Manage credentials in Azure Automation

An Automation credential asset holds an object that contains security credentials, such as a user name and a password. Runbooks and DSC configurations use cmdlets that accept a PSCredential object for authentication. Alternatively, they can extract the user name and password of the PSCredential object to provide to some application or service requiring authentication.

Note

Secure assets in Azure Automation include credentials, certificates, connections, and encrypted variables. These assets are encrypted and stored in Azure Automation using a unique key that is generated for each Automation account. Azure Automation stores the key in the system-managed Key Vault. Before storing a secure asset, Automation loads the key from Key Vault and then uses it to encrypt the asset.

Note

For information about viewing or deleting personal data, see Azure Data Subject Requests for the GDPR. For more information about GDPR, see the GDPR section of the Service Trust portal.

PowerShell cmdlets used to access credentials

The cmdlets in the following table create and manage Automation credentials with PowerShell. They ship as part of the Az modules.

Cmdlet Description
Get-AzAutomationCredential Retrieves a CredentialInfo object containing metadata about the credential. The cmdlet doesn't retrieve the PSCredential object itself.
New-AzAutomationCredential Creates a new Automation credential.
Remove-AzAutomationCredential Removes an Automation credential.
Set-AzAutomationCredential Sets the properties for an existing Automation credential.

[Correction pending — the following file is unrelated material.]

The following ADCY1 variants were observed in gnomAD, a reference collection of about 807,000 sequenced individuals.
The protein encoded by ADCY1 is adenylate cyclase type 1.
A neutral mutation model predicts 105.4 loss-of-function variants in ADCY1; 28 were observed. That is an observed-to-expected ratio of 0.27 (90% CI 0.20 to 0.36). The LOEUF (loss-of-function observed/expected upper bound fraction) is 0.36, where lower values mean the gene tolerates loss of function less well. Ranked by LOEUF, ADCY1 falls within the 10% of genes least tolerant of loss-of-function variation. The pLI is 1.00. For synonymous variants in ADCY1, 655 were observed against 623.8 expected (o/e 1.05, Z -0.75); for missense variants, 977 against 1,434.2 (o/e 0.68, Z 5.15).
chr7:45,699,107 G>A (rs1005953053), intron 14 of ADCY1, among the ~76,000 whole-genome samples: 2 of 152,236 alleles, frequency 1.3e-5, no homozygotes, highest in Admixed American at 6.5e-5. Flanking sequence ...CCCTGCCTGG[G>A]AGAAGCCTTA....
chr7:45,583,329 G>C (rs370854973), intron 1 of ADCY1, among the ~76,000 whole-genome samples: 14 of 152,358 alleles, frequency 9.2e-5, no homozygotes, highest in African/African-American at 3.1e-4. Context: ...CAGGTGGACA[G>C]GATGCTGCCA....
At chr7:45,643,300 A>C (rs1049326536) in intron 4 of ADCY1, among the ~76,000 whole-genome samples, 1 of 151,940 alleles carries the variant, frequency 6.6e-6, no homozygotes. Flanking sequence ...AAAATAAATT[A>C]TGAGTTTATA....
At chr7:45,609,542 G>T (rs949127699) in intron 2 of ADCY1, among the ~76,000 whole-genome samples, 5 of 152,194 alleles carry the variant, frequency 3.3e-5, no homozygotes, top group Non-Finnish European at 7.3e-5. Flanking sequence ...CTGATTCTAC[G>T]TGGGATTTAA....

Other cmdlets used to access credentials

The cmdlets in the following table are used to access credentials in your runbooks and DSC configurations.

Cmdlet Description
Get-AutomationPSCredential Gets a PSCredential object to use in a runbook or DSC configuration. Most often, you should use this internal cmdlet instead of the Get-AzAutomationCredential cmdlet, as the latter only retrieves credential information. This information isn't normally helpful to pass to another cmdlet.
Get-Credential Gets a credential with a prompt for user name and password. This cmdlet is part of the default Microsoft.PowerShell.Security module. See Default modules.
New-AzureAutomationCredential Creates a credential asset. This cmdlet is part of the default Azure module. See Default modules.

To retrieve PSCredential objects in your code, you must import the Orchestrator.AssetManagement.Cmdlets module. For more information, see Manage modules in Azure Automation.

Import-Module Orchestrator.AssetManagement.Cmdlets -ErrorAction SilentlyContinue

Note

You should avoid using variables in the Name parameter of Get-AutomationPSCredential. Their use can complicate discovery of dependencies between runbooks or DSC configurations and credential assets at design time.

Python 2 functions that access credentials

The function in the following table is used to access credentials in a Python 2 runbook.

Function Description
automationassets.get_automation_credential Retrieves information about a credential asset.

Note

Import the automationassets module at the top of your Python runbook to access the asset functions.

Create a new credential asset

You can create a new credential asset using the Azure portal or using Windows PowerShell.

Create a new credential asset with the Azure portal

  1. From your Automation account, select Credentials under Shared Resources.

  2. Select Add a credential.

  3. In the New Credential pane, enter an appropriate credential name following your naming standards.

  4. Type your access ID in the User name field.

  5. For both password fields, enter your secret access key.

    Create new credential

  6. If the multi-factor authentication box is checked, uncheck it.

  7. Click Create to save the new credential asset.

Note